What can you say about the greatness that is Canadian-born, NYC-based Marcel Dzama? In his seventh solo show at Sies + Höke in Düsseldorf, Germany, Marcel Dzama explores painting, illustration, collage, sculpture, diorama, film, puppets, installation... you know, EVERYTHING!
One piece in particular that caught our eye is the marionette sculpture/performance. The gallery notes of the work:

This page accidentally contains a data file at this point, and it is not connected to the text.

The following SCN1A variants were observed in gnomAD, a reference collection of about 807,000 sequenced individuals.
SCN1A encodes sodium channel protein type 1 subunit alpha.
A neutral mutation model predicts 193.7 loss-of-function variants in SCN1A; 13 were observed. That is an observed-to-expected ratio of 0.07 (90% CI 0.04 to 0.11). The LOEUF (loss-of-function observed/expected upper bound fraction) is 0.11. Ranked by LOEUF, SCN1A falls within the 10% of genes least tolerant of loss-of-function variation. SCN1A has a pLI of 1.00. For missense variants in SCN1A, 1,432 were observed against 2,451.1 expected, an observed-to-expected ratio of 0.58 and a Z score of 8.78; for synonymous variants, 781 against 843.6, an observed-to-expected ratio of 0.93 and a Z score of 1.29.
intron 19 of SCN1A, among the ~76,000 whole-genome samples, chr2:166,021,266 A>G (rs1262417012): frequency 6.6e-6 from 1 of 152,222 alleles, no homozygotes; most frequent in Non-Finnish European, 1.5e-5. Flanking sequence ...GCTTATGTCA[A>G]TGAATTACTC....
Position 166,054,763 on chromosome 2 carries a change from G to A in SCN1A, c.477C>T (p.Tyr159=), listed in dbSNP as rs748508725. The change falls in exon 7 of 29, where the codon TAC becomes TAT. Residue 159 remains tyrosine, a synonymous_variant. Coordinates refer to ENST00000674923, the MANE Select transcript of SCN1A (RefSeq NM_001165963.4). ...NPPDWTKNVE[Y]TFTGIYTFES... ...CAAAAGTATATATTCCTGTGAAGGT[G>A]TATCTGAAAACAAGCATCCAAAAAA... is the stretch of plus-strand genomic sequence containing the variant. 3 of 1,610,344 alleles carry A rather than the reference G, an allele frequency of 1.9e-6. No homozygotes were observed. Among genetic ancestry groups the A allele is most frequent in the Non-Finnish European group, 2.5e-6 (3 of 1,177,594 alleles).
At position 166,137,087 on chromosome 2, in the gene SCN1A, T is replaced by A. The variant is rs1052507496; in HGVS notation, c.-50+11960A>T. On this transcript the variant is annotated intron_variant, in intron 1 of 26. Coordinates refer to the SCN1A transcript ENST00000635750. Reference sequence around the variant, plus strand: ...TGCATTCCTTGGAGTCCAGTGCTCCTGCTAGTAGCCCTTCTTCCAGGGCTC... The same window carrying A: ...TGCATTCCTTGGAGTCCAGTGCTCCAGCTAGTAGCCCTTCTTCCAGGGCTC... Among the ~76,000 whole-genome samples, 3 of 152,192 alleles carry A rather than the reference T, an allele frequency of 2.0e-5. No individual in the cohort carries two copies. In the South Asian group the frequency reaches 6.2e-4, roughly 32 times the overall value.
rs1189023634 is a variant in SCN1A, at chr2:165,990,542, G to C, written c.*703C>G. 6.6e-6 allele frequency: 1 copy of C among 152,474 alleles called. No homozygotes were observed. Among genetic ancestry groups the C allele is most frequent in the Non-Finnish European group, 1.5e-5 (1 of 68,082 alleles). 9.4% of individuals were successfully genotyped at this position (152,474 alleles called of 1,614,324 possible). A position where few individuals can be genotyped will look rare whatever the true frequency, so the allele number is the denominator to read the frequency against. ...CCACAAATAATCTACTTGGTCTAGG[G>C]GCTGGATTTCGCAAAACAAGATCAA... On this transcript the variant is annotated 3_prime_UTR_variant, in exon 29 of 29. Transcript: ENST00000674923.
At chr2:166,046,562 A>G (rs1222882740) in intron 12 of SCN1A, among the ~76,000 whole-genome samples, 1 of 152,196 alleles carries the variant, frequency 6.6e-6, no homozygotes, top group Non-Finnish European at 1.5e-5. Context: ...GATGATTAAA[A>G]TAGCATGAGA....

In the gallery’s first floor space, Dzama takes the subject of marionette-like dancing figures, which appear both in the fairy tale clock from The Most Incredible Thing as well as in his drawings and stage designs, to extremes by having a carousel populated by tin figures turning in a circle. With movement, the idea of performance comes into play, referring to the stage and to the theater. At the same time, marionettes are an analogy to the chess figures repeatedly quoted by Dzama: both are controlled by a foreign agency. The carousel becomes an overpowering torture machine, a super-efficient puppeteer who forces his creation with mechanical endurance to dance on in an endless cycle. The appearance of the dolls, initially reminiscent of historical tin toys, takes on a touch of violence and oppression, as often the case in the artist’s work. This is Marcel Dzama’s political approach: playing on stage and dancing dolls, and the question of who has the control, who is pulling the strings, what is real and what is acted. In this way, he ultimately directs attention to our political reality.